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Woking Golf Club opens new par 3 16th

June 15, 2014

Woking Golf Club in Surrey, England, has opened its new par three sixteenth hole. The new hole, which was designed by architect Tim Lobb, London-based principal of Thomson Perrett & Lobb, the firm founded by five-times Open champion Peter Thomson, represents the most significant change to the historic course in over 50 years.

“Woking is a club that looks to evolve steadily,” said captain Simon Chantrey. “When you are over 120 years old, members tend not to like sudden major change! But our existing sixteenth hole, fine though it was, had two key problems.

The new 16th at Woking GC is open for play

"Firstly, the lower level of the two-tier green turned into a pudding in most winters, and despite many attempts, we were unable to fix it to our satisfaction. And secondly, because of the proximity of the green to the nearby Hook Heath Road, balls would sometimes fly off the golf course, across the road and into a neighbour’s garden. Given that the green itself was not wholly original – it was extended in the 1960s – we concluded we needed to change the hole.”

An elevated view, showing the depth perception trick caused by the middle bunker

Work began on the new hole in the autumn of 2012. Tim Lobb said: “When you are asked to work at a club of Woking’s stature, it is both inspiring and intimidating. For golf course architects, Woking is a holy place and a key location in the history of our profession. The course is famous for its undulating greens, created over many years by club members Stuart Paton and John Low, and we knew that any new green had to have the ‘Woking spirit’ built into it.”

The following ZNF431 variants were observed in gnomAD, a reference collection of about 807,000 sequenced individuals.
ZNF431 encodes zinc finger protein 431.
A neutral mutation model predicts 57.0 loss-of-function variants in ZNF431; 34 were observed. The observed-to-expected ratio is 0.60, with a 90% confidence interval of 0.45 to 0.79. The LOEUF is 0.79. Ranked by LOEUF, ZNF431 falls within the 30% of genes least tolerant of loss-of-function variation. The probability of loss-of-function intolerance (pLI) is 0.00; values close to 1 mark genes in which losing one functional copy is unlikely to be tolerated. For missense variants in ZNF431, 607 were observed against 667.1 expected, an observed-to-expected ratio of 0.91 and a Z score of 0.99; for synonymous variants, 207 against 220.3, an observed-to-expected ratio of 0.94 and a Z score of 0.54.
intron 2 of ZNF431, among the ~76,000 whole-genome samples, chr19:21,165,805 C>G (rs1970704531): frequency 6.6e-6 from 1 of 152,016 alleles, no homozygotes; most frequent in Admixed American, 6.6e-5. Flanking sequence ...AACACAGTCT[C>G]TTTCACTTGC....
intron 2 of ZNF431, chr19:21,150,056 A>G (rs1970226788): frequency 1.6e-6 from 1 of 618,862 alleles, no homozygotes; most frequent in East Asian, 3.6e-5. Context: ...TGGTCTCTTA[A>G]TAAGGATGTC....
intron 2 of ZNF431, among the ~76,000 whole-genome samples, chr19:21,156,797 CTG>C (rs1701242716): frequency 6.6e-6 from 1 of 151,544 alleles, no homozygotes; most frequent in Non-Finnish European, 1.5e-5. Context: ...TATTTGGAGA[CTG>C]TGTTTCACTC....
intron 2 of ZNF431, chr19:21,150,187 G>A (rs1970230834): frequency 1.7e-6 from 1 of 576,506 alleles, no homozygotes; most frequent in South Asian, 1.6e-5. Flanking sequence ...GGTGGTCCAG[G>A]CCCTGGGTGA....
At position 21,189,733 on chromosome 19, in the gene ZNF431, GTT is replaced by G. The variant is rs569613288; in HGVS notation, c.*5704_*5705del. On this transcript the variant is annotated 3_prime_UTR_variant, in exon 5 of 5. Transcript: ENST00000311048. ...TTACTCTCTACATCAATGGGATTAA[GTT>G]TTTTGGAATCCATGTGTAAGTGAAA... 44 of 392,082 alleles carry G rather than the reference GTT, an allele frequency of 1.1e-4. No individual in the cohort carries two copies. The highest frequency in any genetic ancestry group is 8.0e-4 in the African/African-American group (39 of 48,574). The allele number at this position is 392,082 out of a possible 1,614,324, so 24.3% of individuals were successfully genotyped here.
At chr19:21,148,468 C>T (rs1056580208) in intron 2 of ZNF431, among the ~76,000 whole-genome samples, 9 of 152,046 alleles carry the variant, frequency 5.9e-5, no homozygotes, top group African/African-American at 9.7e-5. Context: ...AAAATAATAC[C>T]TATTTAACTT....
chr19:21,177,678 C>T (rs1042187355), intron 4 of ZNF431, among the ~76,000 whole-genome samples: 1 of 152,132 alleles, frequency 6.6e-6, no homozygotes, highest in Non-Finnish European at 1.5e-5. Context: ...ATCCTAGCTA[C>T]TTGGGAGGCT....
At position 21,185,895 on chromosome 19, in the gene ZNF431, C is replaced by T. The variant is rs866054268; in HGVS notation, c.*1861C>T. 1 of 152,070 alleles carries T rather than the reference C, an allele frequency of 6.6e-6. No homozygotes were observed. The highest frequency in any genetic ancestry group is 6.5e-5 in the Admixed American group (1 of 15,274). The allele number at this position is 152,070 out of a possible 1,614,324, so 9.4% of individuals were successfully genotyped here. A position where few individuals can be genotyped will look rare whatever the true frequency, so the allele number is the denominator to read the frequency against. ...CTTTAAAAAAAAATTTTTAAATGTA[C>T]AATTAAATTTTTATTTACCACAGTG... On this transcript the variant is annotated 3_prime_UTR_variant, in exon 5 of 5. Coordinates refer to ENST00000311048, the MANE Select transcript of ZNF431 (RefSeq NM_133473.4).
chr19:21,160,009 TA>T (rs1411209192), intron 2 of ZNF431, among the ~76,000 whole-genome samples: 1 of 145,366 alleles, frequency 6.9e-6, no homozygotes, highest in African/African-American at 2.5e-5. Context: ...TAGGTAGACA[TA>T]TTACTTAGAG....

Founded in 1893, Woking was the first course to be built on the heathlands of Surrey and Berkshire.
Designed originally by Scottish architect Tom Dunn, the course owes its prominence largely to the work carried out in the first two decades of the 20th century under the direction of Stuart Paton and John Low. Both were key figures in the development of the concept of strategic golf design.
Paton, called by long-time club member Bernard Darwin 'the Mussolini of Woking', famously dug the small bunker in the middle of the club's fourth fairway, believed by many to be the first time an architect had deliberately sought to create a risk and reward scenario.

The new hole plays to 147 yards, around ten yards shorter than the old sixteenth. The tee is set close to the boundary fence, and golfers must still hit over the pond, created in the early 20th century for use in winter as a curling rink. The green, forty yards to the left of the old one, is highly contoured, in keeping with the rest of Woking’s putting surfaces. Three bunkers guard the putting surface, though there is room for golfers to run the ball up onto the green if they choose.

Working with club agronomist Bruce Jamieson and head greenkeeper Jon Day, Lobb created a bespoke rootzone mix for the new green, designed to match as closely as possible the soil found under the existing greens. Day grew turf for new hole on the club’s nursery, again with the aim of ensuring matching conditions. “It was very important to us that the new hole fitted in to the existing course, and that Jon didn’t need to use a completely different maintenance regime,” said Lobb.

Bunkers protect the tricky right pin position

The club opened the new hole in April 2014, and it was first put into competitive play at the recent Spring meeting. “Reaction to the new sixteenth has been extremely positive,” said captain Chantrey. “It feels as though it could have been part of the course for many years, which is a big compliment at a club like this!”

Woking's colonial style Club House: much of the front dates from the early 20th century. The clubhouse position is unique with the veranda being very close to the 14th green and the veranda actually part of the course.


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